On which day were the Ptero-bats made?

15 08 2007

Here’s a treat for all fans of “fossil ideas” (as well as just fossils); a picture of a bat-like and a bird-like pterosaur from Gosse’s Omphalos.




7 responses

15 08 2007
Zach Miller

Yup, when pterosaurs were first discovered in Europe, one idea was that they were marsupial bats. I think that’s supposed to be (gulp) Pterodacyl on top.

15 08 2007

Right, I remember coming across a review article that mentioned that, but I couldn’t dig it up off my hard drive (lots of papers, no organization). I’ll try to track it down and tack it on if I can find it.

21 08 2007
Lars Dietz

The person who came up with the “marsupial bat” idea was Edward Newman, editor of “The Zoologist”. The reference is:
Newman, E., 1843. Note on the Pterodactyl Tribe considered as Marsupial Bats, Zoologist, 1, pp. 129-131.
Newman also regarded ichthyosaurs and plesiosaurs as marsupials (according to a quotation in “The Great Sea-Serpent” by Oudemans. May have had to do with his idea that every taxon has exactly seven subtaxa, with a central one connected to the six others by transitional forms (at least, that’s how I remmber this). Such ideas were quite common back then (e. g., look at the “Quinarian System”).

21 08 2007
Lars Dietz

Oh, forgot to add that the two pterosaurs are probably the first ones discovered: Pterodactylus antiquus on top and P. brevirostris (now regarded as a young P. antiquus) at the bottom. I haven’t seen the original paper, though.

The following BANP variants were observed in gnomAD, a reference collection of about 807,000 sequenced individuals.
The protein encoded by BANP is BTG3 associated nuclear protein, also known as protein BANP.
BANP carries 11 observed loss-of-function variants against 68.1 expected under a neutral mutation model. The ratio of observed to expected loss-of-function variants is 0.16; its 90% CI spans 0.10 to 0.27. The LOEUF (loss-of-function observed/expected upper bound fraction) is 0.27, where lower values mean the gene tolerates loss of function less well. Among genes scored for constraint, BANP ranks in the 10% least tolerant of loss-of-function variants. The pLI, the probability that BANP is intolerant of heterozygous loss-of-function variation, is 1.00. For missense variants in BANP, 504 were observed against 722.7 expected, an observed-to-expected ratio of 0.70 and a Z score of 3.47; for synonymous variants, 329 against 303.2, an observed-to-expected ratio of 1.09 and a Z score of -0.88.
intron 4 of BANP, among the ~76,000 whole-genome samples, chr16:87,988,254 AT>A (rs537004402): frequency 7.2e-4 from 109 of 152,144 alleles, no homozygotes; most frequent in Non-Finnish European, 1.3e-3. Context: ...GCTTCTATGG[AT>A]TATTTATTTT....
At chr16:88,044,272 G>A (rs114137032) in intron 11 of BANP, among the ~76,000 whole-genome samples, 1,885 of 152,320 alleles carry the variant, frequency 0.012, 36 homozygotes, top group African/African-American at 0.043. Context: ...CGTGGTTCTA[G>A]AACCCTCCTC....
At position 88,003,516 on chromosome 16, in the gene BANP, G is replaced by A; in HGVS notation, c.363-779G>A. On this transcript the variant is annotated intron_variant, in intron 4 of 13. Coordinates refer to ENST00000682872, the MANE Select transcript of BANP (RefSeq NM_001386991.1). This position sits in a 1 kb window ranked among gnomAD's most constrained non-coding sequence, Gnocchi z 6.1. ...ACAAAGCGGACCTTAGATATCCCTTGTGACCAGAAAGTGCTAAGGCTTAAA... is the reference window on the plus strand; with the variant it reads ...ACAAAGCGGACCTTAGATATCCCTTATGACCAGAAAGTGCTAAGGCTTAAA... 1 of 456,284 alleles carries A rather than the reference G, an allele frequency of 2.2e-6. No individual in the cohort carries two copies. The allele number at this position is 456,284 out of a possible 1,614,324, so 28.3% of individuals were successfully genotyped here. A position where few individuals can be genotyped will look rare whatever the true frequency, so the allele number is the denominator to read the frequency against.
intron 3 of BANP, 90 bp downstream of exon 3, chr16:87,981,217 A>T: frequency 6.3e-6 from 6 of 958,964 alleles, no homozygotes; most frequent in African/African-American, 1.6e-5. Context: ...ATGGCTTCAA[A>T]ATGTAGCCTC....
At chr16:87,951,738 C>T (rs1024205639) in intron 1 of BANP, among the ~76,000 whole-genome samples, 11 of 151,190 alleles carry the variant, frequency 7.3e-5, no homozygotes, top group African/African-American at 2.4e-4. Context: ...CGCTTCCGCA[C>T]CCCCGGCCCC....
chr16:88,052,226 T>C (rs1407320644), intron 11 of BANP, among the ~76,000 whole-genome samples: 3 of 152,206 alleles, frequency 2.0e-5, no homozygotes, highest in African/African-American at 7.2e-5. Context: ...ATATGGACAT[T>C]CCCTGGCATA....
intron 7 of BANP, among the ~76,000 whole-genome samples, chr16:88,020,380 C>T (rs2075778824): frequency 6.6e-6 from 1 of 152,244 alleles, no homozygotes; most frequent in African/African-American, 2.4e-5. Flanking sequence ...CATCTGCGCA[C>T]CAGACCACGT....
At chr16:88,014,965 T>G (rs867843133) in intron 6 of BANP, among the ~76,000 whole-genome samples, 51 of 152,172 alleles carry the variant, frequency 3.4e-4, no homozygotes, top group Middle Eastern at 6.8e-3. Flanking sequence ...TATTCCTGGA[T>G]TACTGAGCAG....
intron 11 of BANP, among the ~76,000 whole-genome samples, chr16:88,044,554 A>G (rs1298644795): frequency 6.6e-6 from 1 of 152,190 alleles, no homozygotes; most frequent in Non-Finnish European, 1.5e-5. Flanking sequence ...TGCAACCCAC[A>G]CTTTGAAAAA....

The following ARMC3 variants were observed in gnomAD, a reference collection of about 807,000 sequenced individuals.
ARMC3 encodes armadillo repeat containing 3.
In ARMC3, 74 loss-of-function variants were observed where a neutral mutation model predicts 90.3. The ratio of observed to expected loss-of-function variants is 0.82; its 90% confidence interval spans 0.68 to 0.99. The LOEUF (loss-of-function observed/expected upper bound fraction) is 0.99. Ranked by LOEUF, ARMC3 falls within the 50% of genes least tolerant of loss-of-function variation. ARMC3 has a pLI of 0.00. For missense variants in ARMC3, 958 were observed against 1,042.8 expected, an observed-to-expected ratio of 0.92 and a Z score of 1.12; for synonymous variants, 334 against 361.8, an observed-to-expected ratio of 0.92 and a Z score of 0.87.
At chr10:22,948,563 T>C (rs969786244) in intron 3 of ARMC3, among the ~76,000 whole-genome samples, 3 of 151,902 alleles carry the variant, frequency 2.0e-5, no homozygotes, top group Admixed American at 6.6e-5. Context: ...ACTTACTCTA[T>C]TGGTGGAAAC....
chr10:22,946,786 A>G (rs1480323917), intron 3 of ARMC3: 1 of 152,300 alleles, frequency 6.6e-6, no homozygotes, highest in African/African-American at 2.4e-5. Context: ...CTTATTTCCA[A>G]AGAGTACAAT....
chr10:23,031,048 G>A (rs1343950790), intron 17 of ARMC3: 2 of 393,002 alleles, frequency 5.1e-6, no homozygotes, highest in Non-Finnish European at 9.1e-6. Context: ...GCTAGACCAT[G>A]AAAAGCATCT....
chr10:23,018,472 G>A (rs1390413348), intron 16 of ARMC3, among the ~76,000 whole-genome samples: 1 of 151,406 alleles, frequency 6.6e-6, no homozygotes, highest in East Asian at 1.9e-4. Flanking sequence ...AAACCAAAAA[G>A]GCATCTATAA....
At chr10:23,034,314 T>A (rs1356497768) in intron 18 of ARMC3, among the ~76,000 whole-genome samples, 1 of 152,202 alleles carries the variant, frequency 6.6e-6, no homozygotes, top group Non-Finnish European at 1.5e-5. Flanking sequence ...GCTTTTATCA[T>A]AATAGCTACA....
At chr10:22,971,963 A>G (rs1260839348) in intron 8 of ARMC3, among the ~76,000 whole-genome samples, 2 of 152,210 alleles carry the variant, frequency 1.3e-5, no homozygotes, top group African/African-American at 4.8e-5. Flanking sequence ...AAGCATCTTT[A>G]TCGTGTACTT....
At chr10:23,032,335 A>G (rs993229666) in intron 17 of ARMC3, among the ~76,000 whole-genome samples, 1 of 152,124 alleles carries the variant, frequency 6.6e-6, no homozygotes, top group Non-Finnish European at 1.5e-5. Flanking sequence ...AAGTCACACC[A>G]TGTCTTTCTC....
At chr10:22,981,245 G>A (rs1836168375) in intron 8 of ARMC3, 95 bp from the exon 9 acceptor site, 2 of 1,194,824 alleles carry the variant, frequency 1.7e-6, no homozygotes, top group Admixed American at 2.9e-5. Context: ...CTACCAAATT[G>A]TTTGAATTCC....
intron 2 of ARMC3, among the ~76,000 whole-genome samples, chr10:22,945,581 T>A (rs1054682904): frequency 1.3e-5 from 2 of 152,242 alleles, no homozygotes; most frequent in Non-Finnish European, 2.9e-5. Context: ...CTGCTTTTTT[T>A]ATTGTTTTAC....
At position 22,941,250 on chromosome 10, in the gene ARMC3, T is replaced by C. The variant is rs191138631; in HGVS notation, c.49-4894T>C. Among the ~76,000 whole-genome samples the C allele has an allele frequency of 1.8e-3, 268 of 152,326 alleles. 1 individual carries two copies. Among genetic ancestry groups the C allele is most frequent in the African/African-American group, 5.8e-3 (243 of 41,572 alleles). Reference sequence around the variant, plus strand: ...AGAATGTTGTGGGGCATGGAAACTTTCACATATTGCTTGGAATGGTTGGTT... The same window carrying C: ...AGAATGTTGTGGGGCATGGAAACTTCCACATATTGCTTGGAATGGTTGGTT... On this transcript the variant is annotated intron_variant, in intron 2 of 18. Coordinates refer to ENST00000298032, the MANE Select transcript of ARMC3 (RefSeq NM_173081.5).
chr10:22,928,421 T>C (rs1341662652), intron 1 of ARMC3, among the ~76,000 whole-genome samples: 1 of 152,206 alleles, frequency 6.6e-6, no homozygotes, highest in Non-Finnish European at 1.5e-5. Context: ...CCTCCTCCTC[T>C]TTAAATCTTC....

21 08 2007
Lars Dietz

Just looked at Omphalos on Google books, turns out that I was right on the bottom one, but the top one is P. crassirostris, now known as Scaphognathus. Seems like the long tail was unknown back then. Gosses illustration is based on Newman’s, but he removed the external ears that Newman gave them.
By the way, sorry for posting three comments in a row!

21 08 2007

Thank you for all the hard work Lars! I had been meaning to get back to this one and dig up some more information, so thank you for taking the time to comment here. Maybe I should write something up on what you’ve mentioned here. Also, I’m not sure off the top of my head, but the 7-subtaxa issue reminds me of part of what was popular in theological circles in Europe for some time, 7 being a blessed number (being that it was the day God rested, and there was no shortage of natural theologians at that time). Again, thanks for all your work and input Lars!

22 08 2007
Lars Dietz

I’m not sure whether Newman’s theory of classification has anything to do which the 7 days of creation. 5 was a much more popular number among systematists at that time, at least in England (Macleay, Vigors, Swainson). In Germany, some prefered the number 3 or 4 or more complicated numerological schemes. Howerver, this certainly has to do with “natural theology” as it obviously implies a plan in creation.
For a typical example, see Swainson’s “On the natural history and classification of birds”, which is online (with a lot of other old books) at gallica.bnf.fr , the site of the French National Library.
Anyway, thanks for the praise!

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